The Destruction of Tiernmas and His People

From The Wonders of Ireland by P. W. Joyce, 1911

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And now the high priest advanced to the front of the altar, and placing himself on an elevated position, prepared to proclaim to the people the universal adoption of Cromm Cru as the god of the Milesian nation. After this proclamation, all—both priests and people—were to prostrate themselves in adoration before the idol, and the ceremony was to conclude with the immolation of the victim, and the divination of the soothsayers.

With a loud voice the priest repeated the proclamation, and then in the name of the king commanded all to adore the great god Cromm Cru. The king, followed by the priests, knelt in adoration, and the vast multitude swayed to and fro in the act of prostrating themselves, when all was suddenly and fearfully interrupted. A bright flash burst from the bosom of a dark cloud that overhung the plain, and leaped among the prostrate group that surrounded the idol. A long intense cry of agony now rose wild and fearful on the ear, but was instantly lost in a crash that seemed to rend the firmament. Heaven was up and in arms, and a fearful retribution followed the dark deed of idolatry. Flash after flash darted down, and sprang fiercely, as eager for prey, among the multitude, but their wild shrieks of terror, and the groans of the dying, were only heard in the intervals of the thunder's roar. Hundreds, urged by the impulse of self-preservation, and maddened with the energy of despair, rushed blindly in all directions, overturning those that lay in their path and trampling on the bodies of their dead and dying friends, Still the lightning continued to rage with unabated fury, and numbers fell withered and blasted to the earth at each merciless explosion. The mad struggles of the crowd became at last more faint, and the despairing cries more scattered and broken; the roar of the thunder gradually subsided; and at length all was hushed in silence. The work of vengeance was accomplished, and the plain of shrieking, on which an hour before so many thousands had exulted in the pride of their strength, now lay one wide extent of unbroken stillness.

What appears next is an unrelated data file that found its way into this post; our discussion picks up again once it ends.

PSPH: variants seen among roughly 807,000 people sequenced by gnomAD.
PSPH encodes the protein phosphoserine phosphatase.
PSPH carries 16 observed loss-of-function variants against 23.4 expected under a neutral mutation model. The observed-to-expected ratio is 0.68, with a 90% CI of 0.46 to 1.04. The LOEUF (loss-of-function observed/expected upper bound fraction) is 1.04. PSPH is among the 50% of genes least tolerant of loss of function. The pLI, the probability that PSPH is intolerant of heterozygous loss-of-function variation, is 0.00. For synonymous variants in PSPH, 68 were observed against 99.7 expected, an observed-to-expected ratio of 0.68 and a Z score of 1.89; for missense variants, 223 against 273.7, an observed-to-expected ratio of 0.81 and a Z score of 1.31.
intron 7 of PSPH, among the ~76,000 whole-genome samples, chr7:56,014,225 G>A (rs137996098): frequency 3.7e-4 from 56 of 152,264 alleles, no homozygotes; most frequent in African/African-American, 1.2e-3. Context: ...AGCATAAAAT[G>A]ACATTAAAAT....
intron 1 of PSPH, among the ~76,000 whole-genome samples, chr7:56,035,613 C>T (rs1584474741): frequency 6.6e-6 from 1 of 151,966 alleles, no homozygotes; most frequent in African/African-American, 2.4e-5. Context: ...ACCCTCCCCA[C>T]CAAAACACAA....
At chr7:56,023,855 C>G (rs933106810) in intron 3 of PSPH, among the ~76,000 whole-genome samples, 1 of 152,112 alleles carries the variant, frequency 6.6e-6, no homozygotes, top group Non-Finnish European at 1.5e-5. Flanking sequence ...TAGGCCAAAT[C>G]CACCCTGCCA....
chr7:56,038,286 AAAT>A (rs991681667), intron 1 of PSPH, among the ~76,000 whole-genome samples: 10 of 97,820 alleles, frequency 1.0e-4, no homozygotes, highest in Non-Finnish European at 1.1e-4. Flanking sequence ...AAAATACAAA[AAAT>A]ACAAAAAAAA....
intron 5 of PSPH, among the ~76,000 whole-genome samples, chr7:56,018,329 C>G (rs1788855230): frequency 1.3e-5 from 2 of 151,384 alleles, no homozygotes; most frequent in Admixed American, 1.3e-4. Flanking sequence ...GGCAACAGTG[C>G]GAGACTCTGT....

Within the circle not one escaped the arm of vengeance; the body of the king lay at the foot of the image, his hands still clasped as if in supplication; around him were strewn promiscuously the priests, many of them retaining the wild despairing gestures in which they died; and the hideous idol reared its gigantic form over the plain, and looked like a malignant demon glaring with horrid satisfaction at the carnage by which he was surrounded. Those among the people who had escaped the rage of the lightning fled in terror, and now no symptom of life disturbed the reign of silence.

A grove of trees stood at a short distance from the idol. From amongst these a woman suddenly emerged, and rushed with eager haste towards the circle. Her hair streamed wildly behind her as she fled; her countenance was haggard with anxious breathless expectation; and her straining gaze was riveted on the altar. Regardless of the scene of horror that surrounded her, she flew with frantic speed towards the idol; she entered the circle with trembling anxiety; and the next moment uttered a wild cry of delight as she clasped her living babe in her arms.

The Plain of Shrieking [4] is still shown, where for many ages the idol Cromm Cru was worshipped; and the fate of Tiernmas, the first idolater king of Inisfail, is still remembered in the shadowy traditions of the people.

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[4] The "Plain of Prostrations."


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